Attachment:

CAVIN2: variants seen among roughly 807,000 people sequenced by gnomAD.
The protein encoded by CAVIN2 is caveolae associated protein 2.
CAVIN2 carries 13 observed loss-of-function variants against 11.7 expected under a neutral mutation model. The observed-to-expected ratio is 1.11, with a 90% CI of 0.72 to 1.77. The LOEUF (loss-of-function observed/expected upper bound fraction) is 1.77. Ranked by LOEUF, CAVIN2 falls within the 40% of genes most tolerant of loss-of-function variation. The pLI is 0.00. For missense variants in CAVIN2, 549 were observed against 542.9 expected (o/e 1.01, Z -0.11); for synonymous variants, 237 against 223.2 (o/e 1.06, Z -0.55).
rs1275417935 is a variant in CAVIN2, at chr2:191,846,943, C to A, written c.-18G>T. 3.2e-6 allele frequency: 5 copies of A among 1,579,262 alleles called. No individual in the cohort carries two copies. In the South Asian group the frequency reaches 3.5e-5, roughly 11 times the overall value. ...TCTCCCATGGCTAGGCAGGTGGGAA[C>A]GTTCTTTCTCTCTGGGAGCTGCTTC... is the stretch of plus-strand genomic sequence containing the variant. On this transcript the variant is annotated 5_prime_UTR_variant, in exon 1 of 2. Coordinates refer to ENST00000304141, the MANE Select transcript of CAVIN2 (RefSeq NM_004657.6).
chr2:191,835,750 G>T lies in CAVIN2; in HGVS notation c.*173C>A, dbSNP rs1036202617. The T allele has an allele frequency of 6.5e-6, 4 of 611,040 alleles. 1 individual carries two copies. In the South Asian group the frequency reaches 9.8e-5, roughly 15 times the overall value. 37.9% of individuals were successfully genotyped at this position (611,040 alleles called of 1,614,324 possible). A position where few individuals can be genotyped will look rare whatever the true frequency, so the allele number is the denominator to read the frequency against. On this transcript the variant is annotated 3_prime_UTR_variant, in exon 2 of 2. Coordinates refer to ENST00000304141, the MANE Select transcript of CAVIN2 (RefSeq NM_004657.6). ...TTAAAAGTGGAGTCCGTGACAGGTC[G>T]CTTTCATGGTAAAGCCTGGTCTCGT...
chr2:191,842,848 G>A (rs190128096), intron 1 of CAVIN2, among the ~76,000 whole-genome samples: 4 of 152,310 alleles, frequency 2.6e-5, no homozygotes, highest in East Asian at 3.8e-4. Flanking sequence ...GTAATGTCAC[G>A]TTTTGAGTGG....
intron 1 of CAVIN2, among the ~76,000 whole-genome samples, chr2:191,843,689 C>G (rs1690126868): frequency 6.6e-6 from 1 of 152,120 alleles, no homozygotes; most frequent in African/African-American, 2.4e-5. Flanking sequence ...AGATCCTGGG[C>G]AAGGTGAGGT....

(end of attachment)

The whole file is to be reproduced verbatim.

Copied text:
CAVIN2: variants seen among roughly 807,000 people sequenced by gnomAD.
The protein encoded by CAVIN2 is caveolae associated protein 2.
CAVIN2 carries 13 observed loss-of-function variants against 11.7 expected under a neutral mutation model. The observed-to-expected ratio is 1.11, with a 90% CI of 0.72 to 1.77. The LOEUF (loss-of-function observed/expected upper bound fraction) is 1.77. Ranked by LOEUF, CAVIN2 falls within the 40% of genes most tolerant of loss-of-function variation. The pLI is 0.00. For missense variants in CAVIN2, 549 were observed against 542.9 expected (o/e 1.01, Z -0.11); for synonymous variants, 237 against 223.2 (o/e 1.06, Z -0.55).
rs1275417935 is a variant in CAVIN2, at chr2:191,846,943, C to A, written c.-18G>T. 3.2e-6 allele frequency: 5 copies of A among 1,579,262 alleles called. No individual in the cohort carries two copies. In the South Asian group the frequency reaches 3.5e-5, roughly 11 times the overall value. ...TCTCCCATGGCTAGGCAGGTGGGAA[C>A]GTTCTTTCTCTCTGGGAGCTGCTTC... is the stretch of plus-strand genomic sequence containing the variant. On this transcript the variant is annotated 5_prime_UTR_variant, in exon 1 of 2. Coordinates refer to ENST00000304141, the MANE Select transcript of CAVIN2 (RefSeq NM_004657.6).
chr2:191,835,750 G>T lies in CAVIN2; in HGVS notation c.*173C>A, dbSNP rs1036202617. The T allele has an allele frequency of 6.5e-6, 4 of 611,040 alleles. 1 individual carries two copies. In the South Asian group the frequency reaches 9.8e-5, roughly 15 times the overall value. 37.9% of individuals were successfully genotyped at this position (611,040 alleles called of 1,614,324 possible). A position where few individuals can be genotyped will look rare whatever the true frequency, so the allele number is the denominator to read the frequency against. On this transcript the variant is annotated 3_prime_UTR_variant, in exon 2 of 2. Coordinates refer to ENST00000304141, the MANE Select transcript of CAVIN2 (RefSeq NM_004657.6). ...TTAAAAGTGGAGTCCGTGACAGGTC[G>T]CTTTCATGGTAAAGCCTGGTCTCGT...
chr2:191,842,848 G>A (rs190128096), intron 1 of CAVIN2, among the ~76,000 whole-genome samples: 4 of 152,310 alleles, frequency 2.6e-5, no homozygotes, highest in East Asian at 3.8e-4. Flanking sequence ...GTAATGTCAC[G>A]TTTTGAGTGG....
intron 1 of CAVIN2, among the ~76,000 whole-genome samples, chr2:191,843,689 C>G (rs1690126868): frequency 6.6e-6 from 1 of 152,120 alleles, no homozygotes; most frequent in African/African-American, 2.4e-5. Flanking sequence ...AGATCCTGGG[C>G]AAGGTGAGGT....